Canadian dollar firms as oil prices rise

Wed Aug 27, 2008 10:30am EDT
 
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 * Currency up 0.3 percent versus greenback
 * Key technical level of C$1.04 eyed
 * Bond prices outperform U.S. market on short end
 By John McCrank
 TORONTO, Aug 27 (Reuters) - The Canadian dollar edged
higher against the U.S. dollar on Wednesday, helped by firming
oil prices as Tropical Storm Gustav looked as though it might
strengthen as it heads toward key oil installations in the Gulf
of Mexico.
 Domestic bond prices rose on the short end, as traders bet
the sell off in recent weeks had gone far enough, bringing
yields back into line with interest rate expectations.
 At 10:00 a.m. (1400 GMT), the Canadian dollar was at
C$1.0458 to the U.S. dollar, or 95.62 U.S. cents, up from
C$1.0484 to the U.S. dollar, or 95.38 U.S. cents, at Tuesday's
close.
 The C$1.04 level is seen as a key short-term support for
the (U.S.) dollar-Canada currency pair.
 "If C$1.04 yields, you've got room for a little bit more
short-term Canadian dollar strength," said Shane Enright,
currency strategist at CIBC World Markets.
 He said if that were to happen, the follow through could
push the Canadian dollar to around the C$1.0250 to C$1.03 to
the U.S. dollar.
 With no major data to key off of so far this week, the
currency has taken its cue from higher oil prices.
 The price of U.S. crude oil CLc1 climbed more than $3 to
over $119 a barrel as weather forecasters predicted Tropical
Storm Gustav would strengthen back into a hurricane and chart a
course through the Gulf of Mexico, home to a quarter of U.S.
oil production. See [ID:nN27421161]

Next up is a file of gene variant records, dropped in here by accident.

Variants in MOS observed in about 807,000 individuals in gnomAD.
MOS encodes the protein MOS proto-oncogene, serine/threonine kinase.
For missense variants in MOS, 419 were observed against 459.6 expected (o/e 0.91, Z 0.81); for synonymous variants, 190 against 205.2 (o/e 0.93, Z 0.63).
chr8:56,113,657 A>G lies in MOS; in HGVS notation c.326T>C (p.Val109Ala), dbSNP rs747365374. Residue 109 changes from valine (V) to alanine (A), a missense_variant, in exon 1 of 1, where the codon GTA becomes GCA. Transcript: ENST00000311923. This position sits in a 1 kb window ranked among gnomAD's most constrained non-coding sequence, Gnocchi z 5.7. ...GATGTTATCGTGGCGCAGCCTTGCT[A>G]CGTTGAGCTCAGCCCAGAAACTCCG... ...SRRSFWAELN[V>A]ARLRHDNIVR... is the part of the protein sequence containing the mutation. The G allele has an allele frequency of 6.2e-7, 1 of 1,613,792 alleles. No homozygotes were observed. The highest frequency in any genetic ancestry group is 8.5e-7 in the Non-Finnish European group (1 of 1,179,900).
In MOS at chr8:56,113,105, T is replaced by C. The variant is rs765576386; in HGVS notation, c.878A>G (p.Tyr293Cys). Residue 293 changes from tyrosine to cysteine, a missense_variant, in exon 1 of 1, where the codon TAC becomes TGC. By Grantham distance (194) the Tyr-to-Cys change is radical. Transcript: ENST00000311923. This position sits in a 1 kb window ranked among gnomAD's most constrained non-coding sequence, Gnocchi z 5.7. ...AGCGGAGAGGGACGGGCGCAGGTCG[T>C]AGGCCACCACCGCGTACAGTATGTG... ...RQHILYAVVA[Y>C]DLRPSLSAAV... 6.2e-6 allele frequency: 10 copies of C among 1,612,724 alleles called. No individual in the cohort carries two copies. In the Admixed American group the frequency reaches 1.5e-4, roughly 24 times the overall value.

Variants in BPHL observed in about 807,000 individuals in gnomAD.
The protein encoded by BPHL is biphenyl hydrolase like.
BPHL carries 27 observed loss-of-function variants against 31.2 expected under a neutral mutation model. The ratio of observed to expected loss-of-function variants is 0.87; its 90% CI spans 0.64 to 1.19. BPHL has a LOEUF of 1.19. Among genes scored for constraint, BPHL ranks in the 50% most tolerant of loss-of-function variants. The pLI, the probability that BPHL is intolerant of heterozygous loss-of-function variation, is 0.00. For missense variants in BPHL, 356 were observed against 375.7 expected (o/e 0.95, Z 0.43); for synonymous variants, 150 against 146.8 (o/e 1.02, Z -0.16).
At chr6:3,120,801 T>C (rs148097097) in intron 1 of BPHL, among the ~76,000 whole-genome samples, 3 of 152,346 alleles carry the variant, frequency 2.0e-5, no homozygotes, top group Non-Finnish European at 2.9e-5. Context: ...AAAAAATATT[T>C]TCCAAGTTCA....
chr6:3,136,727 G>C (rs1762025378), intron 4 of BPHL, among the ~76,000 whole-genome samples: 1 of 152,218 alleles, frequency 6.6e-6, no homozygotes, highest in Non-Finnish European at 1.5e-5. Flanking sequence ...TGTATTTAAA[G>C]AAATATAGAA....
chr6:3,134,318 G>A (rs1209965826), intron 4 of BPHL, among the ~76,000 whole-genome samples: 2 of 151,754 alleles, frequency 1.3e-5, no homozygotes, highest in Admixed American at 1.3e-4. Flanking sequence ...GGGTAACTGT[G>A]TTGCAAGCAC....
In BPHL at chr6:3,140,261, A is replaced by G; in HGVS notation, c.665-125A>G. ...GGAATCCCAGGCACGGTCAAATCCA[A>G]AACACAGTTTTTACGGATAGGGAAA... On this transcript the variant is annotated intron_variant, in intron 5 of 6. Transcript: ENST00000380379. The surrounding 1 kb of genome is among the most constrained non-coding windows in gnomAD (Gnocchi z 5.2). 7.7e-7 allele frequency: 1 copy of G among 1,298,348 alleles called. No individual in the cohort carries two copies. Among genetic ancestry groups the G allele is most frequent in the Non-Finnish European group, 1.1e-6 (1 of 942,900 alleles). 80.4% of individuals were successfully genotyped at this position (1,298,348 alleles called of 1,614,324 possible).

The next piece of Canadian data is due Thursday, with the
release of the balance of international payments for the second
quarter. But the main report for the week comes Friday with the
gross domestic product for the second quarter.
 "While we think that growth will remain ever so slightly in
the black, we wouldn't rule out a back-to-back negative print
that would meet the definition of a technical recession," Derek
Holt, economist at Scotia Capital, said in a note.
 Analysts, on average, expect second-quarter GDP to come in
at 0.7 percent, according to a Reuters poll. In the first
quarter, the economy shrank by an annualized 0.3 percent.
 The GDP figure is the last major piece of data before the
Bank of Canada announces its interest rate decision on Sept.3.
 BOND PRICES MIXED
 Canadian bond prices outperformed the U.S. market on the
short-end, as traders bet the sell off on the two-year bond in
recent weeks had gone far enough .
 The two-year bond yield most closely reflects the market's
expectations of where it sees interest rates heading.
 The market had been pricing in as much as two interest rate
cuts by the Bank of Canada due to recent soft economic data,
but those bets have been largely unwound.
 "The market just got ahead of itself," said Michael
Leavitt, fixed income strategist at MF Global Canada.
 "These are more realistic levels that we're seeing."
 Longer-dated bonds fell in price, following the larger U.S.
market on the back of better-than-expected U.S. data.
 The two-year bond rose 6 Canadian cents to C$99.89 to yield
2.800 percent. The 10-year was flat at C$105.80 to yield 3.540
percent.
 The yield spread between the two-year and 10-year bond was
77.2 basis points, down from 79.5 at the previous close.
 The 30-year bond fell 11 Canadian cents to C$116.76 for a
yield of 4.012 percent. In the United States, the 30-year
treasury yielded 4.426 percent.
 The three-month when-issued T-bill yielded 2.49 percent,
unchanged from the previous close.
 (Editing by Scott Anderson)